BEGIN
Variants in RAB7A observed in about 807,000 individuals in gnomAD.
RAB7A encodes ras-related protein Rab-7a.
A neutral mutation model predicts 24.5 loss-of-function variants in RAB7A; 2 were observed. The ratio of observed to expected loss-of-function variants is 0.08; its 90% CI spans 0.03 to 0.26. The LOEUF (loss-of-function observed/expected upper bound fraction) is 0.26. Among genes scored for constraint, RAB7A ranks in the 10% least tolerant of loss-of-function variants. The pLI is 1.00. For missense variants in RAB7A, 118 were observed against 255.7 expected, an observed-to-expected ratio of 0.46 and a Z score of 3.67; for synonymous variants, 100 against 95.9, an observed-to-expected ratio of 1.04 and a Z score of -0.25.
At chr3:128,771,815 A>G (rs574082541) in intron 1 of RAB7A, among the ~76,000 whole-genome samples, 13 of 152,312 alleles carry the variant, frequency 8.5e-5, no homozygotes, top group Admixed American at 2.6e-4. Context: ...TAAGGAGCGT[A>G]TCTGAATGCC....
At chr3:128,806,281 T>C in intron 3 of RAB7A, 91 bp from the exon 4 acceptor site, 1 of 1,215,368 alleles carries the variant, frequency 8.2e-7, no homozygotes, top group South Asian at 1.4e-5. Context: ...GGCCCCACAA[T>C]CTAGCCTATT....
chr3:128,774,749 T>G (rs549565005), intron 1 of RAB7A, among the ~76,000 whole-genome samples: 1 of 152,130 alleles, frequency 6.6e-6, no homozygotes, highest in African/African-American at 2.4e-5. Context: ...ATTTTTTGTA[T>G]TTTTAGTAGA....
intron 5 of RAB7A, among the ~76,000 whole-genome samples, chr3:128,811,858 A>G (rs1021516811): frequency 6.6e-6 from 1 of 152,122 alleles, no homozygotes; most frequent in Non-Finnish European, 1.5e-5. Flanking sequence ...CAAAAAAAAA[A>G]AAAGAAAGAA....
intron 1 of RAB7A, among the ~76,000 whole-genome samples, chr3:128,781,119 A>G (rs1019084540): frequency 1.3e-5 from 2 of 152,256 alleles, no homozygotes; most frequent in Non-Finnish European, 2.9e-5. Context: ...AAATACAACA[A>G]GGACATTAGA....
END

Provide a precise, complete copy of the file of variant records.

Variants in RAB7A observed in about 807,000 individuals in gnomAD.
RAB7A encodes ras-related protein Rab-7a.
A neutral mutation model predicts 24.5 loss-of-function variants in RAB7A; 2 were observed. The ratio of observed to expected loss-of-function variants is 0.08; its 90% CI spans 0.03 to 0.26. The LOEUF (loss-of-function observed/expected upper bound fraction) is 0.26. Among genes scored for constraint, RAB7A ranks in the 10% least tolerant of loss-of-function variants. The pLI is 1.00. For missense variants in RAB7A, 118 were observed against 255.7 expected, an observed-to-expected ratio of 0.46 and a Z score of 3.67; for synonymous variants, 100 against 95.9, an observed-to-expected ratio of 1.04 and a Z score of -0.25.
At chr3:128,771,815 A>G (rs574082541) in intron 1 of RAB7A, among the ~76,000 whole-genome samples, 13 of 152,312 alleles carry the variant, frequency 8.5e-5, no homozygotes, top group Admixed American at 2.6e-4. Context: ...TAAGGAGCGT[A>G]TCTGAATGCC....
At chr3:128,806,281 T>C in intron 3 of RAB7A, 91 bp from the exon 4 acceptor site, 1 of 1,215,368 alleles carries the variant, frequency 8.2e-7, no homozygotes, top group South Asian at 1.4e-5. Context: ...GGCCCCACAA[T>C]CTAGCCTATT....
chr3:128,774,749 T>G (rs549565005), intron 1 of RAB7A, among the ~76,000 whole-genome samples: 1 of 152,130 alleles, frequency 6.6e-6, no homozygotes, highest in African/African-American at 2.4e-5. Context: ...ATTTTTTGTA[T>G]TTTTAGTAGA....
intron 5 of RAB7A, among the ~76,000 whole-genome samples, chr3:128,811,858 A>G (rs1021516811): frequency 6.6e-6 from 1 of 152,122 alleles, no homozygotes; most frequent in Non-Finnish European, 1.5e-5. Flanking sequence ...CAAAAAAAAA[A>G]AAAGAAAGAA....
intron 1 of RAB7A, among the ~76,000 whole-genome samples, chr3:128,781,119 A>G (rs1019084540): frequency 1.3e-5 from 2 of 152,256 alleles, no homozygotes; most frequent in Non-Finnish European, 2.9e-5. Context: ...AAATACAACA[A>G]GGACATTAGA....